The modern mathematical formulation of Maxwell's equations is due to Oliver Heaviside and Willard Gibbs, who in 1884 reformulated Maxwell's original equations using vector calculus. (Maxwell's 1865 formulation was in terms of 20 equations in 20 variables, although in 1873 he attempted a quaternion formulation that he ultimately found awkward.) The change to the vector notation produced a symmetric mathematical representation that reinforced the perception of physical symmetries between the various fields.

In the late 19th century, because of the appearance of a velocity () in the equations, Maxwell's equations were only thought to express electromagnetism in the rest frame of the Luminiferous aether (the postulated medium for light, whose interpretation was considerably debated). When the Michelson-Morley experiment conducted by Edward Morley and Albert Abraham Michelson produced a null result for the change of the velocity of light due to the Earth's hypothesized motion through the aether, however, alternative explanations were sought by Lorentz and others. This culminated in Einstein's theory of special relativity, which postulated the absence of any absolute rest frame (or aether) and the invariance of Maxwell's equations in all frames of reference.

The electromagnetic field equations have an intimate link with special relativity: the magnetic field equations can be derived from consideration of the transformation of the electric field equations under relativistic transformations at low velocities. (In relativity, the equations are written in an even more compact, "manifestly covariant" form, in terms of the rank-2 antisymmetric field-strength 4-tensor.)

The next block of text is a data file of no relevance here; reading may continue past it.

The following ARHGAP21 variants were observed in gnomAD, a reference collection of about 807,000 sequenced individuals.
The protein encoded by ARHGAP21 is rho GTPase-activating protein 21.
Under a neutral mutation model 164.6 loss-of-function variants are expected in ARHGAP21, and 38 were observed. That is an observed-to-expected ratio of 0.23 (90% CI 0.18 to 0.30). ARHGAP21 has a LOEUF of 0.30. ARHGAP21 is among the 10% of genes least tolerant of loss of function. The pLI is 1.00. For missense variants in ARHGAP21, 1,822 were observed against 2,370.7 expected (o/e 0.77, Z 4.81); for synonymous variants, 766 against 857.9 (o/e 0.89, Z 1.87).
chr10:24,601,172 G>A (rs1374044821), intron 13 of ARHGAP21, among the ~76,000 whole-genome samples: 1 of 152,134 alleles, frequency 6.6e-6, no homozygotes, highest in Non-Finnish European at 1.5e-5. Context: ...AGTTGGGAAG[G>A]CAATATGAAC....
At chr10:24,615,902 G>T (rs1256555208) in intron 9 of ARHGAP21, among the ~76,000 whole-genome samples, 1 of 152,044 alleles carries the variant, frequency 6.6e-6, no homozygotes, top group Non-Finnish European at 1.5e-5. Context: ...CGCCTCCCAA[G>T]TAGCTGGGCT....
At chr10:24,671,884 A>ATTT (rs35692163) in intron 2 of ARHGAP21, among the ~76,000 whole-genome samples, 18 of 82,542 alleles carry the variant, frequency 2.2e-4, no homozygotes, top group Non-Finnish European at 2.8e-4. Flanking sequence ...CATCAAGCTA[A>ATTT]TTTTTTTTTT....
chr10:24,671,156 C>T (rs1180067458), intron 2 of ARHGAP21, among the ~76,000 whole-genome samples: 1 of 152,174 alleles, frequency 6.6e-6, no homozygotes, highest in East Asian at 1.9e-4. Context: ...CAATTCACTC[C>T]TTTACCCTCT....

Kaluza and Klein showed in the 1920's that the Maxwell's equations can be derived by extending general relativity into five dimensions. This strategy of using higher dimensions to unify different forces is an active area of research in particle physics.

It is important to note that these equations are generally considered in terms of *macroscopic averages* of the fields, which vary wildly on a microscopic scale in the vicinity of individual atoms (where they undergo quantum mechanical effects as well). It is only in this averaged sense that one can define continuous quantitites such as the permittivity or permeability of a material, below. (The microscopic Maxwell's equations, ignoring quantum effects, are simply those of vacuum—but one must include all atomic charges and so on, which is normally an intractable problem.)

The vacuum is such a medium, and the proportionality constants in the vacuum are denoted by ε_{0} and μ_{0}. If there is no current or electric charge present in the vacuum, we obtain the Maxwell equation's in free space:

The equivalent integral form (by the divergence theorem), also known as Gauss's Law, is:

In a *linear material* , is directly related to the electric field via a material-dependent constant called the permittivity, :

- .

is the magnetic flux density (in units of tesla, T), also called the magnetic induction.Equivalent integral form:

is the area of a differential square on the surface with an outward facing surface normal defining its direction.Note: like the electric field's integral form, this equation only works if the integral is done over a closed surface.